The 20th Annual Downtown Parade of Lights will take place on December 20, 2014 at 6:30 p.m., illuminating the merriment of the season and the streets of the historic Armory Park neighborhood. Before the parade, get in the spirit of the season at Armory Park with a holiday festival starting at 4 p.m., and the Mayor’s Tree Lighting at 6 p.m. If ever there were a time to participate, this is it! If you’re making your list and checking it twice, then you already know that your last chance to be in the holiday parade is this Friday, Dec. 5th. Join fun and festive floats from local small businesses, individuals, community organizations, neighborhood and youth associations to showcase Tucson’s unique holiday spirit at this sparkling, cheerful event. All entries are eligible to win cash prizes up to $500. A panel of judges will award the prizes to the best display or ensemble in each of five categories before the parade, allowing each winning entry to proudly display a banner for their award-winning float along the parade route. The deadline to enter the parade is Dec. 5th, and no late entries will be accepted. Signing up is easier than ever. With new online registration, you can become a part of the Downtown Parade of Lights in just a few simple clicks. For a photo gallery from previous parades, route information, volunteer opportunities, and entry form, visit http://www.downtowntucson.org/visit/parade-of-lights/.
CITY SUBMITS PROMISE ZONE APPLICATION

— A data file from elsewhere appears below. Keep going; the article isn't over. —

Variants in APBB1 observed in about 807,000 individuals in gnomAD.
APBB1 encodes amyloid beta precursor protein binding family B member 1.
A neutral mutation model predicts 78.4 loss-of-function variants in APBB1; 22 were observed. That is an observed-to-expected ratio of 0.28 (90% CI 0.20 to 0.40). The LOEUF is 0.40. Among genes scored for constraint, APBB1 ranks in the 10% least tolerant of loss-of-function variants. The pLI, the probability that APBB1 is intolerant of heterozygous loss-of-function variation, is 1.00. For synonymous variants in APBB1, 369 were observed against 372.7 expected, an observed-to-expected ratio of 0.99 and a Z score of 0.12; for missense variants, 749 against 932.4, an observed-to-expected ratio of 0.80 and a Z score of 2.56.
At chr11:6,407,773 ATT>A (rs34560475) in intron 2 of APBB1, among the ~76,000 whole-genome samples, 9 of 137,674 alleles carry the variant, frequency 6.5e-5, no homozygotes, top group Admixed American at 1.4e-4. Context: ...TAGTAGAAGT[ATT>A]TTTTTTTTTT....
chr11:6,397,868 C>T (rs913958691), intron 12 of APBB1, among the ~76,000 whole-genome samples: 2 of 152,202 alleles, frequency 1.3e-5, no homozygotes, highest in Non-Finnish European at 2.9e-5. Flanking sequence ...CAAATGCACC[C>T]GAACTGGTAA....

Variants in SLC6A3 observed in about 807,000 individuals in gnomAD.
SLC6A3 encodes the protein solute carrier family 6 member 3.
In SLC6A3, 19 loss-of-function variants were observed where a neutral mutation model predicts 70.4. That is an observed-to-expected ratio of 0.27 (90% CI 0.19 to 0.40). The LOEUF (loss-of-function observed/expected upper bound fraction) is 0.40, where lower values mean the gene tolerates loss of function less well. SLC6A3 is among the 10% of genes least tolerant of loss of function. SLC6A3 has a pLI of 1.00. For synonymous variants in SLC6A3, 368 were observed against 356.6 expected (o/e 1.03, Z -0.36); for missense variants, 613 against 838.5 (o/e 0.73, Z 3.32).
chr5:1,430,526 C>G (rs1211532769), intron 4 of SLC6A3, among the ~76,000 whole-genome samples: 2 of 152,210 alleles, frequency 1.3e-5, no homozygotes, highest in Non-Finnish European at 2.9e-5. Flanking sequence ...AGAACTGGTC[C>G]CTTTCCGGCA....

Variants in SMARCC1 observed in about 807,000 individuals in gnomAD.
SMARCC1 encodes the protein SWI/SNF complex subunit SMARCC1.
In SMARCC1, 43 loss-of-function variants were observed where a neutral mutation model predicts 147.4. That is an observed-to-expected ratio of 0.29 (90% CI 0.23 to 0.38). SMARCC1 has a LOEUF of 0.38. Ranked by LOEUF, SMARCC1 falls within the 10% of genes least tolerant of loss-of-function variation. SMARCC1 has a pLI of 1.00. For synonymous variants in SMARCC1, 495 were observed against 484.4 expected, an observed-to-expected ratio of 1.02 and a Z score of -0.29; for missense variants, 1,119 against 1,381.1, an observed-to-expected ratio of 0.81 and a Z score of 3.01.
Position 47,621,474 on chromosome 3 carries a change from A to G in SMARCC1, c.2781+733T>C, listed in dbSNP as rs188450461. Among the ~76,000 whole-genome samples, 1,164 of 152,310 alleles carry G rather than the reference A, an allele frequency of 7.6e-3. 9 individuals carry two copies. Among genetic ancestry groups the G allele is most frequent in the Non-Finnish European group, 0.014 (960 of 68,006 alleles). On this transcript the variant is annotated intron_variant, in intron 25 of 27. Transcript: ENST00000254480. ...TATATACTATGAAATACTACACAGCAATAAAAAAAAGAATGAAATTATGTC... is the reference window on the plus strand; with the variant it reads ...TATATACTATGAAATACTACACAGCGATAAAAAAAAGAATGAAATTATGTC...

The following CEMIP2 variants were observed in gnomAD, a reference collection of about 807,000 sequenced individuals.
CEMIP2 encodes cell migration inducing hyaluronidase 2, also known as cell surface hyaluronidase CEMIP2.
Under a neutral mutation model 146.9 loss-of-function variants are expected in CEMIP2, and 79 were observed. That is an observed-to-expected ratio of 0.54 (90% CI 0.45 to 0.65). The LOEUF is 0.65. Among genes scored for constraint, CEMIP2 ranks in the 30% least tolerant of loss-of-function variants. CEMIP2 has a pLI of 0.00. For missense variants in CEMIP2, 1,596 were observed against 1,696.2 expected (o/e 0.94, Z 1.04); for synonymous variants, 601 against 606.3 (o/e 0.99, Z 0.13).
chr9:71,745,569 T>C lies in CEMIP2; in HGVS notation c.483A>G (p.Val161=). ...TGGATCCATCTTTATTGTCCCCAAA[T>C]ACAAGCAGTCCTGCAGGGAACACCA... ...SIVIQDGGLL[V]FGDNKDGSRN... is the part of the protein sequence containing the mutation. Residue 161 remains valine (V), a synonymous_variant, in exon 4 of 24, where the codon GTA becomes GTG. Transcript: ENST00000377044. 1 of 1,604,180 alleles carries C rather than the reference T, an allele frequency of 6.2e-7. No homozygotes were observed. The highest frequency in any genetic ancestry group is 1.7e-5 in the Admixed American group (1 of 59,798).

TUCSON – The City of Tucson, in collaboration with Pima County and the City of South Tucson, has submitted an application for the Obama Administration’s Promise Zone competition. Promise Zone communities work together with the federal government to promote economic opportunity and accelerate economic growth in high-poverty areas by receiving preferred access to certain competitive federal investments, federal staff to help implement goals, and five full-time AmeriCorps VISTA members to recruit and manage volunteers. At least eight urban, rural, or tribal communities are expected to be named Promise Zones from this second round of designees. Read the White House news release: http://1.usa.gov/1vdApzy
BABY ELEPHANT PHOTO CONTEST ENDS THIS WEEK
TUCSON – The Reid Park Zoo’s Facebook photo contest to find the best picture of Nandi, the baby African elephant, ends Thursday. Enter your photo for a chance to win a behind-the-scenes tour of the Zoo. On a related note, the BuzzFeed website ranks Nandi 34th in its “37 Cutest Baby Animals Photos of 2014.” Enter the Facebook photo contest (and view entries): http://on.fb.me/1ze2eMm; Reid Park Zoo website: http://bit.ly/1dJgCDh; BuzzFeed list of cute animal photos: http://bzfd.it/15NLZgc